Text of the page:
Dermatologists may need to look further than red hair and freckles when identifying patients who might be genetically predisposed to skin cancer.
A University of Queensland review of the key genes affecting pigmentation could be the first step towards incorporating genomics into clinical practice to identify high-risk patients.
Associate Professor Rick Sturm, from UQ’s Dermatology Research Centre, said the review was prompted by the need to provide the latest information to clinicians.
“The whole idea of how we will deliver medicine in the future is directed towards personal or precision medicine,” Dr Sturm said.
“This will require clinicians to understand their patients’ genetic background, so we really needed a primer for the dermatologists on the genes they should know about.”
The review gives an overview of 15 genes which affect pigmentation of the skin, eyes and hair or melanoma risk.
“These include the most important genes for pigment which, when they are mutated, have a manifestation of genetic disease,” Dr Sturm said.
“Dermatologists might already have some knowledge of the gene associated with red hair and freckling, which is MC1R, but there are many others.”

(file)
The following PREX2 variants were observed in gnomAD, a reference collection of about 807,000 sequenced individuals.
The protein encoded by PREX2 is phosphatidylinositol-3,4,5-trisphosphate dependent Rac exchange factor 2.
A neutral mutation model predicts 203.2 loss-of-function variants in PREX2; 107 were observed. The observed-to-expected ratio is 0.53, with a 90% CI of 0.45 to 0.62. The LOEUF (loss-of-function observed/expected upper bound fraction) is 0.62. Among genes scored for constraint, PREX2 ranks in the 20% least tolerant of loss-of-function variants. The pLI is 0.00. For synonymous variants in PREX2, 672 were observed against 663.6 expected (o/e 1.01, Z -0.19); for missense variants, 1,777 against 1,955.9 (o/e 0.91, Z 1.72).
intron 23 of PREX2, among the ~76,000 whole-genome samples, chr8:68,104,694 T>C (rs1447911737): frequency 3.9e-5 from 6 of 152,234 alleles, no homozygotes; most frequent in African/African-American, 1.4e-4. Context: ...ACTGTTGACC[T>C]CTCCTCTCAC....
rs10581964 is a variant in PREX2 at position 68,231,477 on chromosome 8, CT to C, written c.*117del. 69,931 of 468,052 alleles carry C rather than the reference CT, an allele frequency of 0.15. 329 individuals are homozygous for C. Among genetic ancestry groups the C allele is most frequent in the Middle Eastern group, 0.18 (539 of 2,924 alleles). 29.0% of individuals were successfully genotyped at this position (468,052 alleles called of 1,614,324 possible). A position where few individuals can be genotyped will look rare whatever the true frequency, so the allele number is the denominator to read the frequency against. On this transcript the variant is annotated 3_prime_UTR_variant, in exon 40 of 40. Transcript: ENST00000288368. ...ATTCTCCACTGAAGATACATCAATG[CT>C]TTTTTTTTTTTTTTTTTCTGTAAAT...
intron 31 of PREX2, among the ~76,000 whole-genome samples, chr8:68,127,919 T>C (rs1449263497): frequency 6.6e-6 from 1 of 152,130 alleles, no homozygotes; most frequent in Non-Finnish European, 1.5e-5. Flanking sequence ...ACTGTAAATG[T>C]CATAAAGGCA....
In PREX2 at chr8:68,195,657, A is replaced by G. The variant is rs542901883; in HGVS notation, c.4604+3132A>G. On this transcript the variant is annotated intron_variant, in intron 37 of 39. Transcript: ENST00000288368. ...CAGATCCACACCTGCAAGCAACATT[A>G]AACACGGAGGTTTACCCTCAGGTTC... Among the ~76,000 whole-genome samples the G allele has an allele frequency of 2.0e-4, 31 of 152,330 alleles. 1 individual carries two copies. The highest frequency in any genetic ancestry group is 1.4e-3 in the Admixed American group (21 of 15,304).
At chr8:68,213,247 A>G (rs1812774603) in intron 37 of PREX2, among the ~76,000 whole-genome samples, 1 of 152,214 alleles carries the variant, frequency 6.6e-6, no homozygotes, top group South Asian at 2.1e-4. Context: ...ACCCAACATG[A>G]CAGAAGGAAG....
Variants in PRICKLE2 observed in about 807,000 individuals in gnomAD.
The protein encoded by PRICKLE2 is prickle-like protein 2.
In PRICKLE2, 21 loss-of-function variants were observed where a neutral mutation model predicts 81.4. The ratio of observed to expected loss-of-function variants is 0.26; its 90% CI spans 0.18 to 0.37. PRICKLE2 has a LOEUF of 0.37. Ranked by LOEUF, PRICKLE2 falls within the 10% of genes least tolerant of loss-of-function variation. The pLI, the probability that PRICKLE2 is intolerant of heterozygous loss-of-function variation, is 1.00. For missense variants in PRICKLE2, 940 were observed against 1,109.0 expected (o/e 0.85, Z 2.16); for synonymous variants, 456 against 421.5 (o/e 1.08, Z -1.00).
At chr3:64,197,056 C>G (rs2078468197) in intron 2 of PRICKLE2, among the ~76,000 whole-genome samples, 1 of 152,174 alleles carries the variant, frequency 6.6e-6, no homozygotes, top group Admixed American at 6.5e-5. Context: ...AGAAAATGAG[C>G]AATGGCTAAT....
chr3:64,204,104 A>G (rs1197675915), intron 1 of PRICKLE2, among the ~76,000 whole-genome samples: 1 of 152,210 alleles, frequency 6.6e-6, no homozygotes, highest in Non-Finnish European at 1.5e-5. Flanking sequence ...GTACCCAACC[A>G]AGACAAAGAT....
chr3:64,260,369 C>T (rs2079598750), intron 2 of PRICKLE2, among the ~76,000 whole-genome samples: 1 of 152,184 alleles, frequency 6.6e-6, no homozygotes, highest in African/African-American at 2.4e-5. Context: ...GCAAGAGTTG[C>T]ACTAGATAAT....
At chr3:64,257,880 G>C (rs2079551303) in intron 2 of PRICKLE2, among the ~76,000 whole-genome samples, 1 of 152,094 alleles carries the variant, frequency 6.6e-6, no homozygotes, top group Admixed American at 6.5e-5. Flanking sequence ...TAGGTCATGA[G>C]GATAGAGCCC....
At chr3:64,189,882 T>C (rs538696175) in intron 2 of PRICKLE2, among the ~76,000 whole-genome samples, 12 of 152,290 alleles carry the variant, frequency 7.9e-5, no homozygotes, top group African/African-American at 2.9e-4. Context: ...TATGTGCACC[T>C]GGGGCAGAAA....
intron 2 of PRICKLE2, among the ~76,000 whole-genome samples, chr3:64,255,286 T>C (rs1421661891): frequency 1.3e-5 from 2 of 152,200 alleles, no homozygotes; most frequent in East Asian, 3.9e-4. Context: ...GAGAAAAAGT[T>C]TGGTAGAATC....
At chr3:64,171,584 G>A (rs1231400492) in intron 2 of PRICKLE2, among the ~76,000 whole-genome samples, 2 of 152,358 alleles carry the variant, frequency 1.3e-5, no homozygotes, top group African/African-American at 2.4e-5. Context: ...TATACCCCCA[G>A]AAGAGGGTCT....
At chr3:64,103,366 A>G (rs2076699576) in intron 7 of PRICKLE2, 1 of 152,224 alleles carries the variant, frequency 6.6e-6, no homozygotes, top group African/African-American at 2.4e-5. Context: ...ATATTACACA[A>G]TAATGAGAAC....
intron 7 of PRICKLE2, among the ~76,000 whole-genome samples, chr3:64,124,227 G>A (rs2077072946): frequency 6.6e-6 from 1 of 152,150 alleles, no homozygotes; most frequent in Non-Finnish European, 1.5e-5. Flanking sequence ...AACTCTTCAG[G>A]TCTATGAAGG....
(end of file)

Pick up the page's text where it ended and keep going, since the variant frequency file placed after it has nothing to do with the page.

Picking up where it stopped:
Dr Sturm said there were now three major genes associated with naevi or moles.
“One of these genes – IRF4 – has a big effect on naevi count, and recently it’s been suggested the gene can have a significant effect on the type of melanoma a patient may get,” he said.
“This gene usually affects a patient’s presentation in the clinic – they have lots of moles as children and not so many as adults and they get their melanoma later in life.
“In the future, clinicians will have to know the genes affecting their patients’ pigmentation and naevi presentation, and that will affect how they examine or treat them.”
Dr Sturm is a molecular geneticist who has been investigating gene expression, pigmentation genetics and the process of melanoma metastasis for 25 years.
“There has been such rapid progress in our knowledge on the genetics underlying skin cancer and pigmentation, but there’s been little means of keeping dermatologists updated,” Dr Sturm said.
“They are aware of the implications of differences in skin pigmentation for outcomes when it comes to sun-exposure, skin cancer and disease outcomes, but they need to begin to understand the underlying genetics.
“Our review is a stepping stone to incorporating genomics into the clinic to identify the patients that need management and surveillance.”
The review is published in the journal Dermatology.